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James Cool
James Cool
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19 year old U.S. Army Soldier dies in Alaska Car Wreck

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Anchorage, Alaska—The Alaska Daily News reports that 19 year old soldier Travis Foster died in a car crash on the Tok Cutoff near Anchorage on December 21, 2008. According to reports, Mr. Foster was driving north on the cutoff when, for reasons unknown, he crossed the centerline and collided with a freightliner traveling in the opposite direction. Reports do not indicate what the possible causes of the accident may have been and do not specify whether drugs or alcohol were involved.

Our hearts and condolences go out to Mr. Foster’s friends and family. We are deeply sorry for your loss. While you must undoubtedly take time to grieve and mourn Travis’ death, it is also important that you be mindful of the rights you have as Travis’ survivors. We know that the weeks immediately following the death of a loved one can seem like a daze and are often very confusing, so here’s what you need to know:

(1) The Statute of Limitations for personal injury and death claims in Alaska is normally two years (AS 09.10.070). This means that you have two years to file your claim, settle it with the responsible party or your claim goes away and you may never be able to recover for the damages associated with Travis’ death. As Travis’ successors you are able to bring a claim on his behalf to recover for damages associated with his death in the event that it was caused by the other driver’s negligence, or unsafe road conditions as a result of municipal negligence. In addition to being able to recover for the loss of Travis’ life and damage to his property, you may also be able to sue for any suffering he endured prior to his death but following the accident.

(2) You may want to investigate whether the driver of the freightliner (Ronald Auzenne of Lacey, Washinton) was on the clock at any job at the time of the accident. If he was working for someone when the collision occurred, you may be able to bring a claim against his employer(s) and their insurance company for compensation for Travis’ death and related expenses.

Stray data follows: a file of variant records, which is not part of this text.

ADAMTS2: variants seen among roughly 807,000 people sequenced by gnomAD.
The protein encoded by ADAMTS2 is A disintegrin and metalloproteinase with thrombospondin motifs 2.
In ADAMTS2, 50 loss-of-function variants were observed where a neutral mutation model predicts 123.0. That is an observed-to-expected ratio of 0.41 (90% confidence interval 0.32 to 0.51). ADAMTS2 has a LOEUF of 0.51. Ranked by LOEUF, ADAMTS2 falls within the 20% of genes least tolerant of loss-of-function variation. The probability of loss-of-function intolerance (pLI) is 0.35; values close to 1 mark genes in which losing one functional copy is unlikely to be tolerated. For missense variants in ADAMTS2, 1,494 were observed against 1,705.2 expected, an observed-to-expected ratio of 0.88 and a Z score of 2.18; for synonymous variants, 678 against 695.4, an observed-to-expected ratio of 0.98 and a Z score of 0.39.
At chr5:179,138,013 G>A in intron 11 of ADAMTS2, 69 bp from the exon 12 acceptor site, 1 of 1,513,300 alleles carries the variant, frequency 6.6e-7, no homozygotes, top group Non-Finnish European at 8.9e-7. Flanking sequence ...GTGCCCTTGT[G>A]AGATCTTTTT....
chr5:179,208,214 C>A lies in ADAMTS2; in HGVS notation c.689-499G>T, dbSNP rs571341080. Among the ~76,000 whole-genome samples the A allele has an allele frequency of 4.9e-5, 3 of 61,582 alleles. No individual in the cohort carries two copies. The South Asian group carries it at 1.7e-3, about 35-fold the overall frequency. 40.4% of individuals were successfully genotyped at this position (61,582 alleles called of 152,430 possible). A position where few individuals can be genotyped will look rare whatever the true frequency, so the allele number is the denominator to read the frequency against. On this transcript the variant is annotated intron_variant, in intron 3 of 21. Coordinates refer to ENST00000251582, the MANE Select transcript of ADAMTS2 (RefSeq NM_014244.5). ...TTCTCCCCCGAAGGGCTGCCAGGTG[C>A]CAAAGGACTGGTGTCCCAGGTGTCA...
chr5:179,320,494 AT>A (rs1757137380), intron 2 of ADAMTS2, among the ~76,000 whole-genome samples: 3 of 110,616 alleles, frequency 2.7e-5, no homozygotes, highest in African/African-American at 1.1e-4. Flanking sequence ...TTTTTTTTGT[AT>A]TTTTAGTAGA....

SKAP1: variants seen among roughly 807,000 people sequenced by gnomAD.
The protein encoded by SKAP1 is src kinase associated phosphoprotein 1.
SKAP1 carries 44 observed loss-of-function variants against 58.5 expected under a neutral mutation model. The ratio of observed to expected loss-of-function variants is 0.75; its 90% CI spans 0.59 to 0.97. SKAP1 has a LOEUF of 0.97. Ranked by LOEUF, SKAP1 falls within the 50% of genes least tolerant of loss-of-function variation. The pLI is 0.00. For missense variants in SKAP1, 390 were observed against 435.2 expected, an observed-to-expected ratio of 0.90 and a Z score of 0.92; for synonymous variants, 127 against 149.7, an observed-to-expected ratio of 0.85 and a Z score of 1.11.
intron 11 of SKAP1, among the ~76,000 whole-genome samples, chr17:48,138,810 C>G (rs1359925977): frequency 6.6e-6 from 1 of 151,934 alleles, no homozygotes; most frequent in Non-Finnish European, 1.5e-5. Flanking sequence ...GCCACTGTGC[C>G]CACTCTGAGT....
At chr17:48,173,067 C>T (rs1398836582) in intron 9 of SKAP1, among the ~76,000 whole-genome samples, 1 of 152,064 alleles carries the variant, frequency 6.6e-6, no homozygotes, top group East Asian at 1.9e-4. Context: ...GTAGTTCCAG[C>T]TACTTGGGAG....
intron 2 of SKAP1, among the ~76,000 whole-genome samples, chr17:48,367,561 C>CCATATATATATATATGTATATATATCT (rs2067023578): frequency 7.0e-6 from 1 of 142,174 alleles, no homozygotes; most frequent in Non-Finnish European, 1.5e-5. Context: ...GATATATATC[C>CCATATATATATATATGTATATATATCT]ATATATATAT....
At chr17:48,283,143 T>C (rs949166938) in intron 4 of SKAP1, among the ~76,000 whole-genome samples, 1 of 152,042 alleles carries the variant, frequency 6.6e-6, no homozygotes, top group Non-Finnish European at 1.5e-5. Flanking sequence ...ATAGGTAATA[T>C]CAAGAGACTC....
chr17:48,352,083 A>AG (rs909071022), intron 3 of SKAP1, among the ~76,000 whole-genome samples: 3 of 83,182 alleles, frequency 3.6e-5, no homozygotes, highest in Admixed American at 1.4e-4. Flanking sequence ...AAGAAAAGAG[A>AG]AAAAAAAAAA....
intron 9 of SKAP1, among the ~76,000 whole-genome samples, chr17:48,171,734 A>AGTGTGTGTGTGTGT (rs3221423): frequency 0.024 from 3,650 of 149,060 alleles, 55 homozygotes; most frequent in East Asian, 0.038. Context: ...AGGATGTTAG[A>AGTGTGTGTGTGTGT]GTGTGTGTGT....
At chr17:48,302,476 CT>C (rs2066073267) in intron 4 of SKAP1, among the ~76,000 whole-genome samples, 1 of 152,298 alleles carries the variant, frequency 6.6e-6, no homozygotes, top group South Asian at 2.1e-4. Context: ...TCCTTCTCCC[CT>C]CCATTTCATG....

(3) Look into hiring a good accident re-constructionist. People do not typically cross over into the other lane of traffic without a reason. It’s possible that a flaw in the roadway’s design or a failure to properly maintain the roadway on the part of Alaskan government may be responsible for the accident. It’s also possible that the actions of another driver, one not mentioned in the article, may have caused the accident. The only way to know whether this is the case is to hire an investigator as soon as possible. If you wait too long, all the evidence needed to re-construct the accident may be gone. Feel free to contact Ward Merdes (info below) for a referral to an accident re-constructionist in Alaska.

(4) Contact an attorney to help you ASAP. While you are certainly free to contact Mr. Merdes at 866-735-1102 Ext. 455, this is not a solicitation or legal advice. This is offered as information to Mr. Foster’s family. If you would like a referral, feel free to contact Ward Merdes or try the National Board of Trial Advocacy (NBTA) at www.nbtanet.org. Just be sure to call an attorney who has handled cases like this before.

No matter what the circumstances surrounding the accident were, it’s critical that everyone drive safely and carefully because icy Alaskan roads can be very dangerous. For more information about staying safe on Alaska’s icy roads and everywhere else, please visit www.slowdownalaska.org.